The shaka hand gesture (also known as the hang loose hand gesture) is the symbol made by holding the hand in a loose fist and extending the thumb and pinky finger with the back of the hand facing the recipient. You have most likely seen this gesture being flashed by surfers and Hawaiian natives, but do you know what it actually means? Sure, it can be a way to say “hey” or “that’s cool,” but it actually holds a much deeper meaning. This gesture is more than just a mere wave or thumbs up. The shaka is a symbol of the “Aloha spirit,” which is the coordination of the mind and spirit to think and exude good feelings to others.

Did you know? The term aloha derives from Proto-Polynesia and dates back to the early 1800’s. It’s used in other Polynesian languages, too, with varying meanings. When broken down, the literal translation of the phrase translates to [Alo] meaning ‘presence’ and [Hā] meaning ‘breath.’ Together the word aloha translates to ‘The presence of breath’ or ‘breath of life.’

Just like “aloha” means much more than just “hello” or “goodbye,” the shaka is more than just a simple greeting or gesture of thanks. Saying “aloha” means that there is mutual regard and affection for the other person. It is acknowledging the importance of each and every individual in collective existence. This same core value is reflected in the shaka. The simple gesture symbolizes reverence, solidarity, compassion, and friendship. It is a sign of respect and mutual understanding for the recipient.

underwater shaka

Adopting the Shaka

Surfers and, more recently, scuba divers have adopted this Hawai’ian gesture and brought it across all parts of the world. Often interpreted as “hang loose”, the symbol fits the surfing culture. While there is debate over where the shaka originated, legends point to Hamana Kalili of Laie who lost the three middle fingers of his right hand while working at the Kahuku Sugar Mill. As he was a guard of the sugar train, his all-clear wave evolved into the shaka and was emulated by children. Wherever the symbol came from, it is important to know its meaning today as you travel to scuba spots across the world. Take the compassion and understanding that comes with the shaka and spread mutual respect wherever your diving travels may take you.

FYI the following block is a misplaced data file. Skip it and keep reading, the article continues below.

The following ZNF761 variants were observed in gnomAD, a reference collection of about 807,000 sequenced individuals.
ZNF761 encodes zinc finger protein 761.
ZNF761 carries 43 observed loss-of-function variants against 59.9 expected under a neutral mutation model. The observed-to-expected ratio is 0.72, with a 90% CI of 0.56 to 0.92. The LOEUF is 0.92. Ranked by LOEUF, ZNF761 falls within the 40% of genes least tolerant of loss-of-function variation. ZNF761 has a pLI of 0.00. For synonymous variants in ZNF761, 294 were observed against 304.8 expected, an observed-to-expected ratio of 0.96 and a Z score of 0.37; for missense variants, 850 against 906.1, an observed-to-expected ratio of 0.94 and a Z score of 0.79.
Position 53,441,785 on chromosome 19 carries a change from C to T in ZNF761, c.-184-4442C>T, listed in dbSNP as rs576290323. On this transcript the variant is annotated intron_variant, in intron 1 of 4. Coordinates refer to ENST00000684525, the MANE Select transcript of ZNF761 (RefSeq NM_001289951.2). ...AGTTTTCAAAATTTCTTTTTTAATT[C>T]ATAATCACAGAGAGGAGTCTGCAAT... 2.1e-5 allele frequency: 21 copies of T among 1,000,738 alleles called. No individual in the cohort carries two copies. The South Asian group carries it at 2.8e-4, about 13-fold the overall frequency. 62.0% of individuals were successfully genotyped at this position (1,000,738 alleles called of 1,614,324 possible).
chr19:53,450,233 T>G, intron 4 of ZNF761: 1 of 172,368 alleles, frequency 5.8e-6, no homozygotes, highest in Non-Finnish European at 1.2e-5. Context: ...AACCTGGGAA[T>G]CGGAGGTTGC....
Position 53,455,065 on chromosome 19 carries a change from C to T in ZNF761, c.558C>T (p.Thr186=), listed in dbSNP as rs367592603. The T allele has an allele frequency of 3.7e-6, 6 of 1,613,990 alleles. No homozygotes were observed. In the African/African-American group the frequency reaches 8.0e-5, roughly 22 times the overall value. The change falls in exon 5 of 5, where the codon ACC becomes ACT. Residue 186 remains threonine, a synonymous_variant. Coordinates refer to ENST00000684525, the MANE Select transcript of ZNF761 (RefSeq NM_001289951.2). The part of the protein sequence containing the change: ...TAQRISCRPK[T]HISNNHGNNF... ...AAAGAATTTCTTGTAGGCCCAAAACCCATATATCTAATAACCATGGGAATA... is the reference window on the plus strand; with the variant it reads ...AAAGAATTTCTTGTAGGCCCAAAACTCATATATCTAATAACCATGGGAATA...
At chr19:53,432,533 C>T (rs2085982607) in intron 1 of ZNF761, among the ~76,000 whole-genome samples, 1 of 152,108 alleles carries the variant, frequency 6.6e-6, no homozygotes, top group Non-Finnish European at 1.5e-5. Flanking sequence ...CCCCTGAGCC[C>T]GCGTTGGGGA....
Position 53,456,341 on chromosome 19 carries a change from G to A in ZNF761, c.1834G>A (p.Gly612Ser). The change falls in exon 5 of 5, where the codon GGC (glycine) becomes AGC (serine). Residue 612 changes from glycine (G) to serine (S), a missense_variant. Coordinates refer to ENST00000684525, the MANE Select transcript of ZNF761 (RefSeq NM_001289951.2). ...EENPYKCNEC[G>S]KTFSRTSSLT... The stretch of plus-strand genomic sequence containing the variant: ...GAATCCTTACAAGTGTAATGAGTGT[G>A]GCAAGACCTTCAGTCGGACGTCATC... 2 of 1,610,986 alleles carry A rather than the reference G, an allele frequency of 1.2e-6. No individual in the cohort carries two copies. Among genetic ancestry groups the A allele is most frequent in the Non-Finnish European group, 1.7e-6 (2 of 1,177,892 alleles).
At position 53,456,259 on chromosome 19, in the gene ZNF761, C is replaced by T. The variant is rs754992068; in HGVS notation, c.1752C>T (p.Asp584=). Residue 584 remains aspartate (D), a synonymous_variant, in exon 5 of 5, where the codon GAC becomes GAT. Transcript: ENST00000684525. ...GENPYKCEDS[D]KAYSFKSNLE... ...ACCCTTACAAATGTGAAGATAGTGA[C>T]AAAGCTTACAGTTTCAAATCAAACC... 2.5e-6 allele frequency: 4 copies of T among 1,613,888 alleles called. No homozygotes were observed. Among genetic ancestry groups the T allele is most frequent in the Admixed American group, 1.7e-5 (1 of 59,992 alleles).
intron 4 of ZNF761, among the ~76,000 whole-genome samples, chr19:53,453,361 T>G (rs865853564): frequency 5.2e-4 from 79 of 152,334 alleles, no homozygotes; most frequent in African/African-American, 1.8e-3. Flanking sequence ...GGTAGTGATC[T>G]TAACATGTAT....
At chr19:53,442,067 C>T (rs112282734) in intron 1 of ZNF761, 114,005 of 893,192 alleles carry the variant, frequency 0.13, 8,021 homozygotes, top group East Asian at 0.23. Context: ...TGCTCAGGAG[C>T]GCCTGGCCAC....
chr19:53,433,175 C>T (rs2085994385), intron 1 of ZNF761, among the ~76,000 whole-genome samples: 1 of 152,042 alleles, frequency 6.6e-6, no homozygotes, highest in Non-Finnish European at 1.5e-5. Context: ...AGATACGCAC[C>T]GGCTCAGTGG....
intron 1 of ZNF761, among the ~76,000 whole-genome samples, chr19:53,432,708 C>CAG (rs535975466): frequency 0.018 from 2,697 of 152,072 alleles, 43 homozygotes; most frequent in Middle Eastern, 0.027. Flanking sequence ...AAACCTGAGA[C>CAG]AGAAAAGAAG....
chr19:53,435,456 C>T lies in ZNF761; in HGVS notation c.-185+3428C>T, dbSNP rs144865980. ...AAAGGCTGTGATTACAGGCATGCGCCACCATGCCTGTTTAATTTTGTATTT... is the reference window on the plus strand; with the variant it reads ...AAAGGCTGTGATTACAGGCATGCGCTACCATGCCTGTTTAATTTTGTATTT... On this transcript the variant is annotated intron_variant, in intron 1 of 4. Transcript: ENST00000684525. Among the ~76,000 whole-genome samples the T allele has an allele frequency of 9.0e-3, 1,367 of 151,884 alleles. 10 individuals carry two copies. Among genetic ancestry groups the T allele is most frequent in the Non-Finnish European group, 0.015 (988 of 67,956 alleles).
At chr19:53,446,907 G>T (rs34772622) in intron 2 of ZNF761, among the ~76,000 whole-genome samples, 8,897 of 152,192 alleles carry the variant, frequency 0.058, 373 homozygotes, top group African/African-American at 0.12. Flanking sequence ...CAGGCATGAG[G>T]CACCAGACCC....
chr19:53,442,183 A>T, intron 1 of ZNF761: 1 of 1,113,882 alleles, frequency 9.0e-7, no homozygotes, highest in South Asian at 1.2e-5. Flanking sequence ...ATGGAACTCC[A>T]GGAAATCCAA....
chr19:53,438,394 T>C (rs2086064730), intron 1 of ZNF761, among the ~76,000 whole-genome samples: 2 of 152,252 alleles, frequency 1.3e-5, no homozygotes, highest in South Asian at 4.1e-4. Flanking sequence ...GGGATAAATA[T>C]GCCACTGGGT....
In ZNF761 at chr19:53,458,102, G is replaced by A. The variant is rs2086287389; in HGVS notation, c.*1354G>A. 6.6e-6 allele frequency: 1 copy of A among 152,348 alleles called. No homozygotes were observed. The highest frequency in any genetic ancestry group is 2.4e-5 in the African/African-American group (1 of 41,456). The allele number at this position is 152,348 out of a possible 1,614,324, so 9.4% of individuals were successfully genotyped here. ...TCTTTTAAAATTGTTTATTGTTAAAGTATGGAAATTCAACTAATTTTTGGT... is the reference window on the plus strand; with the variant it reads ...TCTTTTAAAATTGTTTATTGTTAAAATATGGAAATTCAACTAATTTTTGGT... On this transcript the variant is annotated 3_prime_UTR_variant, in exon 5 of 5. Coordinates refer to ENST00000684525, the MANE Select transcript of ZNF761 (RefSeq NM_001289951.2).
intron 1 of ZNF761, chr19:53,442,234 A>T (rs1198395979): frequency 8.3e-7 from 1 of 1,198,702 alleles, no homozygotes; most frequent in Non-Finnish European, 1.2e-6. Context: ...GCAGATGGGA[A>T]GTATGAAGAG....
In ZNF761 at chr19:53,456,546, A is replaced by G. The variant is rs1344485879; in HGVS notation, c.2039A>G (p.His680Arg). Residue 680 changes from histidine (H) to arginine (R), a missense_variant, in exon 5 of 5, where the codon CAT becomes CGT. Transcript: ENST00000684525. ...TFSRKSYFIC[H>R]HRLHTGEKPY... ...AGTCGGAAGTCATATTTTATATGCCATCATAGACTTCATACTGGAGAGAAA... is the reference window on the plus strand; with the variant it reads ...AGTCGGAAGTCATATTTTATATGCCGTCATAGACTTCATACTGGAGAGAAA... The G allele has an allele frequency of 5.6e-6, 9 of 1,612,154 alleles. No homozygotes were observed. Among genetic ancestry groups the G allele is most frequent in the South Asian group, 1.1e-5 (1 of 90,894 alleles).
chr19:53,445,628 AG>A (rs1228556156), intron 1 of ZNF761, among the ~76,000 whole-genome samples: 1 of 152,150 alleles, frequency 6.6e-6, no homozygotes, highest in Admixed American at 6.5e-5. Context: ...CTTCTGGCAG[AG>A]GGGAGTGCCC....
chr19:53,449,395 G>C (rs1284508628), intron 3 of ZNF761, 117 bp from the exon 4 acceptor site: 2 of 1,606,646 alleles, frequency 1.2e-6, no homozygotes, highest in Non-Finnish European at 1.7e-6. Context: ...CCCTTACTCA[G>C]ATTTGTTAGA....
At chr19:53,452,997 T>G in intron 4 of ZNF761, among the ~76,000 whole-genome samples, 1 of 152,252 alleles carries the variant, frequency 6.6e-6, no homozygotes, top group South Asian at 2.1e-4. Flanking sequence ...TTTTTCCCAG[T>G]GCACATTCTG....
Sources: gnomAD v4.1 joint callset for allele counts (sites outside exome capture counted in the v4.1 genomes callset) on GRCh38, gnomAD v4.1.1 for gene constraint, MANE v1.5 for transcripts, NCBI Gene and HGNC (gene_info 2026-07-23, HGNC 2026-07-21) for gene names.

Here is a fun video that gives a short history of the modern shaka and some creative variations of the shaka starting at 2min 40 sec. Our favorites include: the I’m Far Away Shaka and the We Just Won Shaka.

Scuba Diving Shaka

Did you know that in some parts of the world, gestures similar to the shaka sign are actually underwater hand signals used by scuba divers to communicate the presence of certain marine species?

Manta Ray: With your right hand make your shaka and move it into the horizontal position so that the back of your hand is facing upwards, thumb extended to your left and little finger to your right. You’ve just made a manta ray, and you can make it swim by moving your thumb and little finger too!

The same sign is sometimes used for the manta rays’ smaller cousins – mobula rays. Did you know that mobula rays are also known as devil rays? Their cephalic fins, when rolled up, resemble horns!

Mola Mola (Oceanic Sunfish): Mola molas are known for their distinct appearance with long ventral and dorsal fins. The underwater hand signal for mola is simply a vertical shaka with your thumb pointing upward and your little finger pointing downward. Rotate your wrist from left to right to make the mola swim!

Do you want to learn more scuba diving hand signals for marine life? Check out the video below. Or, if you want to read more about hand signals for divers, check out our blog about hand signals here!

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